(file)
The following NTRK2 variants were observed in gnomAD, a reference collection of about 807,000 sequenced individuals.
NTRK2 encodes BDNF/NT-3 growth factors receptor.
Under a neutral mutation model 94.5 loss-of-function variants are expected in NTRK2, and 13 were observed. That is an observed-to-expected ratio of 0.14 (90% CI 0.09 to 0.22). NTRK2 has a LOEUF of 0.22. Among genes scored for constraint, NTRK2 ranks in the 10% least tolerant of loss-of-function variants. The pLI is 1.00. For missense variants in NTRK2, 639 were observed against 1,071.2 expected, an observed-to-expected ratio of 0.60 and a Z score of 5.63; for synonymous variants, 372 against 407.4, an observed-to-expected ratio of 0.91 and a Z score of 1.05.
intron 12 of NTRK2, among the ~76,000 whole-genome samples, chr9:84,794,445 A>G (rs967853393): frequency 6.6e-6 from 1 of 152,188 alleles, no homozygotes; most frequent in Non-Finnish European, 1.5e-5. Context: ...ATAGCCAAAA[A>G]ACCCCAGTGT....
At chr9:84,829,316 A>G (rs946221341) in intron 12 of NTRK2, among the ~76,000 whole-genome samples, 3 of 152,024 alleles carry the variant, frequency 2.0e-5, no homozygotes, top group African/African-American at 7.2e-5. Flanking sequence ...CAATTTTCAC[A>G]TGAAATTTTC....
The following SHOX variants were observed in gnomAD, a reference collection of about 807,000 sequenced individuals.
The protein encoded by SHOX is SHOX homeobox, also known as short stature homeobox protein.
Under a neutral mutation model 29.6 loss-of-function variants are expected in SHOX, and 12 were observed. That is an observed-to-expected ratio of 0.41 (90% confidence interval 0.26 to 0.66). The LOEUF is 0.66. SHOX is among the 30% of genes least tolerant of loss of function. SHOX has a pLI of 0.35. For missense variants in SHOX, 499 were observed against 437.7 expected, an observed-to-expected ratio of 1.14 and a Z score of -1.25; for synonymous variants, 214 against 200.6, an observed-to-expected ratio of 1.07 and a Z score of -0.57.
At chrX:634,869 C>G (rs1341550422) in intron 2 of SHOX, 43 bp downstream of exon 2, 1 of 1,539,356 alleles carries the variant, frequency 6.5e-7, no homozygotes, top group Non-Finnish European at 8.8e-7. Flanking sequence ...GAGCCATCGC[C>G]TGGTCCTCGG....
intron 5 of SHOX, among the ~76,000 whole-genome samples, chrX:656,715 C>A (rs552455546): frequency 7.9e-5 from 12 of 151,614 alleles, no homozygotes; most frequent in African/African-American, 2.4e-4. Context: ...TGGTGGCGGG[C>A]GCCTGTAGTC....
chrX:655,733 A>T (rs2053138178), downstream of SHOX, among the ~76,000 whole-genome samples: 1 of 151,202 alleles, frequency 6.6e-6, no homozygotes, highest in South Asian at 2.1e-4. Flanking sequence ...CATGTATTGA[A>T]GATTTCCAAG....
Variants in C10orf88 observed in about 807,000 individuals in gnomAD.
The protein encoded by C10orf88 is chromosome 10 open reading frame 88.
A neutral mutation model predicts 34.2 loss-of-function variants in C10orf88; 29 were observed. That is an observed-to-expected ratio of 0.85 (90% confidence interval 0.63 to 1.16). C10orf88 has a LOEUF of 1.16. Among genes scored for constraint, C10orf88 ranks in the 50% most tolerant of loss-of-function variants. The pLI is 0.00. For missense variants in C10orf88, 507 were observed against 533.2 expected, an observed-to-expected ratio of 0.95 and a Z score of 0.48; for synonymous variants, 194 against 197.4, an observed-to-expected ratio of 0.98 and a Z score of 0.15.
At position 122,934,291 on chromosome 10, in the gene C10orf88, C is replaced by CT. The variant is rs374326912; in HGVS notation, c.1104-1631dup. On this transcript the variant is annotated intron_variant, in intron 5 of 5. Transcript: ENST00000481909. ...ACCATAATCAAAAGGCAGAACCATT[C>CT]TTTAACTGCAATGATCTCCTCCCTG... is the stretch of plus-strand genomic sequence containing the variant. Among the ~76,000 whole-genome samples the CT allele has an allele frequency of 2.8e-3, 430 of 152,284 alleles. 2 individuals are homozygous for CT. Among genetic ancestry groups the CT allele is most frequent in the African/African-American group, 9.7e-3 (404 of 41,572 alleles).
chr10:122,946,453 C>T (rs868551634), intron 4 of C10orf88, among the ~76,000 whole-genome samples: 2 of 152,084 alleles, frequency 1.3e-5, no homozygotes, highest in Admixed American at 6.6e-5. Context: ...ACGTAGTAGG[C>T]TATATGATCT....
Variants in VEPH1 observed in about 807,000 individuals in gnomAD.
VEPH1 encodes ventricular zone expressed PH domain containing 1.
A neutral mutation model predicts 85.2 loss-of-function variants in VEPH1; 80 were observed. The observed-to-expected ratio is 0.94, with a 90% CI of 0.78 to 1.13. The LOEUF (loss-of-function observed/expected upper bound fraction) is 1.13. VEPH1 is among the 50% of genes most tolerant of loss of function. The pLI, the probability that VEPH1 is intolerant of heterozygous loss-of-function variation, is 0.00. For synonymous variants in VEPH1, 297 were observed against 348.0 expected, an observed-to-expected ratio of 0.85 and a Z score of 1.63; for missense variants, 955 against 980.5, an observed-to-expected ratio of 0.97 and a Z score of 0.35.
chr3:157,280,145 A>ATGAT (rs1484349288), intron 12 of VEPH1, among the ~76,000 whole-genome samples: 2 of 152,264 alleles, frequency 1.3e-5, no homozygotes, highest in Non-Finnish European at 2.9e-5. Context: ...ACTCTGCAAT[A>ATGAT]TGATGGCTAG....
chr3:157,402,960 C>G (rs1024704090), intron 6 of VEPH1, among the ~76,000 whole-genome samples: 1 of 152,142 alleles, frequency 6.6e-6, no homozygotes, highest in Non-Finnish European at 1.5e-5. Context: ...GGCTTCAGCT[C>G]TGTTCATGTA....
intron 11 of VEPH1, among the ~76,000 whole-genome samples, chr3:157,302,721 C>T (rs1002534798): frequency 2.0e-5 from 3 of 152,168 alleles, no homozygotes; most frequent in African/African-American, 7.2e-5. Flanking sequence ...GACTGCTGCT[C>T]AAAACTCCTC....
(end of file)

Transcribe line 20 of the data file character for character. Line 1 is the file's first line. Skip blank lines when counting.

chr3:157,280,145 A>ATGAT (rs1484349288), intron 12 of VEPH1, among the ~76,000 whole-genome samples: 2 of 152,264 alleles, frequency 1.3e-5, no homozygotes, highest in Non-Finnish European at 2.9e-5. Context: ...ACTCTGCAAT[A>ATGAT]TGATGGCTAG....